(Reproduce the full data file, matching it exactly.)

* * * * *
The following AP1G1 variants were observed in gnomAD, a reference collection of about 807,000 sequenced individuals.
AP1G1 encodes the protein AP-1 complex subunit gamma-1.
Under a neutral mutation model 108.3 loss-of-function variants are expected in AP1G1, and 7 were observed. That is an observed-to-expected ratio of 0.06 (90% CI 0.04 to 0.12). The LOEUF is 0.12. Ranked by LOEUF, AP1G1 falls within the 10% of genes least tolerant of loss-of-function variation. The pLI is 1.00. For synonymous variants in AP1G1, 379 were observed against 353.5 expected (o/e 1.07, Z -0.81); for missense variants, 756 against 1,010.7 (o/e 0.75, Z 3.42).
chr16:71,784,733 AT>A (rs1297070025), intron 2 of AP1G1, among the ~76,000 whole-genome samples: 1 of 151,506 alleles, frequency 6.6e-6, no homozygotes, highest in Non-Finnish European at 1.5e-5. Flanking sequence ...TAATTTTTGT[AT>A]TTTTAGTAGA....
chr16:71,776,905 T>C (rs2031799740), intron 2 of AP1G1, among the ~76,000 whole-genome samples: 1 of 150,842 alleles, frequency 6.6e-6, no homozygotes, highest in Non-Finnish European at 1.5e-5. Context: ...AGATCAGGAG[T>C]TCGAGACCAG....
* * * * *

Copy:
The following AP1G1 variants were observed in gnomAD, a reference collection of about 807,000 sequenced individuals.
AP1G1 encodes the protein AP-1 complex subunit gamma-1.
Under a neutral mutation model 108.3 loss-of-function variants are expected in AP1G1, and 7 were observed. That is an observed-to-expected ratio of 0.06 (90% CI 0.04 to 0.12). The LOEUF is 0.12. Ranked by LOEUF, AP1G1 falls within the 10% of genes least tolerant of loss-of-function variation. The pLI is 1.00. For synonymous variants in AP1G1, 379 were observed against 353.5 expected (o/e 1.07, Z -0.81); for missense variants, 756 against 1,010.7 (o/e 0.75, Z 3.42).
chr16:71,784,733 AT>A (rs1297070025), intron 2 of AP1G1, among the ~76,000 whole-genome samples: 1 of 151,506 alleles, frequency 6.6e-6, no homozygotes, highest in Non-Finnish European at 1.5e-5. Flanking sequence ...TAATTTTTGT[AT>A]TTTTAGTAGA....
chr16:71,776,905 T>C (rs2031799740), intron 2 of AP1G1, among the ~76,000 whole-genome samples: 1 of 150,842 alleles, frequency 6.6e-6, no homozygotes, highest in Non-Finnish European at 1.5e-5. Context: ...AGATCAGGAG[T>C]TCGAGACCAG....